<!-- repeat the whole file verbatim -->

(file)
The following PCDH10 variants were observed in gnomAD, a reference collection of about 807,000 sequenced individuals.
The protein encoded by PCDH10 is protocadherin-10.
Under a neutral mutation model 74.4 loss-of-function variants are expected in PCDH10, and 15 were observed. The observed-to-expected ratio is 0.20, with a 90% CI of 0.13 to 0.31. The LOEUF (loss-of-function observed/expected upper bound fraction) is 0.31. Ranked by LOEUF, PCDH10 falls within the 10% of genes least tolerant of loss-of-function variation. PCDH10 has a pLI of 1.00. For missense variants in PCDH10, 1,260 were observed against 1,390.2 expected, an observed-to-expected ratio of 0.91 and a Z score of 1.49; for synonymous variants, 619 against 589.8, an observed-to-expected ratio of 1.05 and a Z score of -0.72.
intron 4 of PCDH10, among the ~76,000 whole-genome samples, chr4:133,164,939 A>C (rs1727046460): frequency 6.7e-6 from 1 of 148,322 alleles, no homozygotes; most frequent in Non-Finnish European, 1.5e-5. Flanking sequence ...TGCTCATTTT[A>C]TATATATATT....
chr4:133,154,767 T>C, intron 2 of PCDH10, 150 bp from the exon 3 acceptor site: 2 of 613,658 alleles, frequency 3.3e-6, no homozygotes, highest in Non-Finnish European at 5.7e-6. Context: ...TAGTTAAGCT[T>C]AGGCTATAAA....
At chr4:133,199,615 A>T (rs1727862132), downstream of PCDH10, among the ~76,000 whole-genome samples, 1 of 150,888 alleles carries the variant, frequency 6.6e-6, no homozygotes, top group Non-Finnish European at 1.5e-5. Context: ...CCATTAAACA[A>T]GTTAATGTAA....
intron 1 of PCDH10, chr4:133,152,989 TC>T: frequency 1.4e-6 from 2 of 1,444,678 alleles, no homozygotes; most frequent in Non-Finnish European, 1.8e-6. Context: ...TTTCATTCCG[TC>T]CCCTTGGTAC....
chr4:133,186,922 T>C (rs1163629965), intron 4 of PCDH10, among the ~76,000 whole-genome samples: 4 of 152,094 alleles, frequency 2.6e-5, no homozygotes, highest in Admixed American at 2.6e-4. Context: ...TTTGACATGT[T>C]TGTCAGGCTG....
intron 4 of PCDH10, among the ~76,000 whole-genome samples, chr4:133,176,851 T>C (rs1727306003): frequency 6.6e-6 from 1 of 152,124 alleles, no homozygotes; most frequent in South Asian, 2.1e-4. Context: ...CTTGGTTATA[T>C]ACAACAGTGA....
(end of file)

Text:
The following PCDH10 variants were observed in gnomAD, a reference collection of about 807,000 sequenced individuals.
The protein encoded by PCDH10 is protocadherin-10.
Under a neutral mutation model 74.4 loss-of-function variants are expected in PCDH10, and 15 were observed. The observed-to-expected ratio is 0.20, with a 90% CI of 0.13 to 0.31. The LOEUF (loss-of-function observed/expected upper bound fraction) is 0.31. Ranked by LOEUF, PCDH10 falls within the 10% of genes least tolerant of loss-of-function variation. PCDH10 has a pLI of 1.00. For missense variants in PCDH10, 1,260 were observed against 1,390.2 expected, an observed-to-expected ratio of 0.91 and a Z score of 1.49; for synonymous variants, 619 against 589.8, an observed-to-expected ratio of 1.05 and a Z score of -0.72.
intron 4 of PCDH10, among the ~76,000 whole-genome samples, chr4:133,164,939 A>C (rs1727046460): frequency 6.7e-6 from 1 of 148,322 alleles, no homozygotes; most frequent in Non-Finnish European, 1.5e-5. Flanking sequence ...TGCTCATTTT[A>C]TATATATATT....
chr4:133,154,767 T>C, intron 2 of PCDH10, 150 bp from the exon 3 acceptor site: 2 of 613,658 alleles, frequency 3.3e-6, no homozygotes, highest in Non-Finnish European at 5.7e-6. Context: ...TAGTTAAGCT[T>C]AGGCTATAAA....
At chr4:133,199,615 A>T (rs1727862132), downstream of PCDH10, among the ~76,000 whole-genome samples, 1 of 150,888 alleles carries the variant, frequency 6.6e-6, no homozygotes, top group Non-Finnish European at 1.5e-5. Context: ...CCATTAAACA[A>T]GTTAATGTAA....
intron 1 of PCDH10, chr4:133,152,989 TC>T: frequency 1.4e-6 from 2 of 1,444,678 alleles, no homozygotes; most frequent in Non-Finnish European, 1.8e-6. Context: ...TTTCATTCCG[TC>T]CCCTTGGTAC....
chr4:133,186,922 T>C (rs1163629965), intron 4 of PCDH10, among the ~76,000 whole-genome samples: 4 of 152,094 alleles, frequency 2.6e-5, no homozygotes, highest in Admixed American at 2.6e-4. Context: ...TTTGACATGT[T>C]TGTCAGGCTG....
intron 4 of PCDH10, among the ~76,000 whole-genome samples, chr4:133,176,851 T>C (rs1727306003): frequency 6.6e-6 from 1 of 152,124 alleles, no homozygotes; most frequent in South Asian, 2.1e-4. Context: ...CTTGGTTATA[T>C]ACAACAGTGA....